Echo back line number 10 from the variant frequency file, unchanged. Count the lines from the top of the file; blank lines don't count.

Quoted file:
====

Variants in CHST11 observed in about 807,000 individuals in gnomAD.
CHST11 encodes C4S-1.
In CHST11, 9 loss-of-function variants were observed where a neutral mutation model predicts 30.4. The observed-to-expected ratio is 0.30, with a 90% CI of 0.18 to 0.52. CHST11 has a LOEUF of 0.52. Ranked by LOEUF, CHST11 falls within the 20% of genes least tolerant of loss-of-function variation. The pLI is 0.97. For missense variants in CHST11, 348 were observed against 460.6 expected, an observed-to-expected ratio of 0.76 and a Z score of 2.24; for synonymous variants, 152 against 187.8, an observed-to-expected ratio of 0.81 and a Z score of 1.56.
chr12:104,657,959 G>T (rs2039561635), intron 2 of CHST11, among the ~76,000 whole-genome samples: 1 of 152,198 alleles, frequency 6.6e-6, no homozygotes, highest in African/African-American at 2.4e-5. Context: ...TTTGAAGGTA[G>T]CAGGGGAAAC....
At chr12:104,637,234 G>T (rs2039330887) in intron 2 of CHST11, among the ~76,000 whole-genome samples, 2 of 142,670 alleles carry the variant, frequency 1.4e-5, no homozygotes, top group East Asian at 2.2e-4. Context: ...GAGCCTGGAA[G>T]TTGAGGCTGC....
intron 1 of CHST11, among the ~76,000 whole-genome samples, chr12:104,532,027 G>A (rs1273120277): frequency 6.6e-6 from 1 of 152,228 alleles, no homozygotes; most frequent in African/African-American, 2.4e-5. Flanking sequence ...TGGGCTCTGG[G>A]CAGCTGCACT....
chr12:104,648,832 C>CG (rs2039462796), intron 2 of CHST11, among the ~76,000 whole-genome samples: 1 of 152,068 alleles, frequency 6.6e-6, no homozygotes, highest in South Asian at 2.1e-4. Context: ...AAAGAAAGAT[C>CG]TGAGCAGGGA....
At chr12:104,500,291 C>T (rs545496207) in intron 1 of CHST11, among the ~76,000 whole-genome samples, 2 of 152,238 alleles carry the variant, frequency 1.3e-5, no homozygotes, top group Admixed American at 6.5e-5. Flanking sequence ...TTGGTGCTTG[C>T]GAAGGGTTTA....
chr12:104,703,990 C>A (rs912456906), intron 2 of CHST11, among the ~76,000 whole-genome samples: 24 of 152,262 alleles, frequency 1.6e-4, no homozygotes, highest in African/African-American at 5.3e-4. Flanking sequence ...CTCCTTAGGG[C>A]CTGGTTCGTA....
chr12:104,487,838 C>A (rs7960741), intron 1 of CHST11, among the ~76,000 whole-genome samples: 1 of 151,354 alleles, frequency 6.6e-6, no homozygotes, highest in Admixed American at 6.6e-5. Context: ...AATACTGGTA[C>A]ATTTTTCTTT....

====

chr12:104,487,838 C>A (rs7960741), intron 1 of CHST11, among the ~76,000 whole-genome samples: 1 of 151,354 alleles, frequency 6.6e-6, no homozygotes, highest in Admixed American at 6.6e-5. Context: ...AATACTGGTA[C>A]ATTTTTCTTT....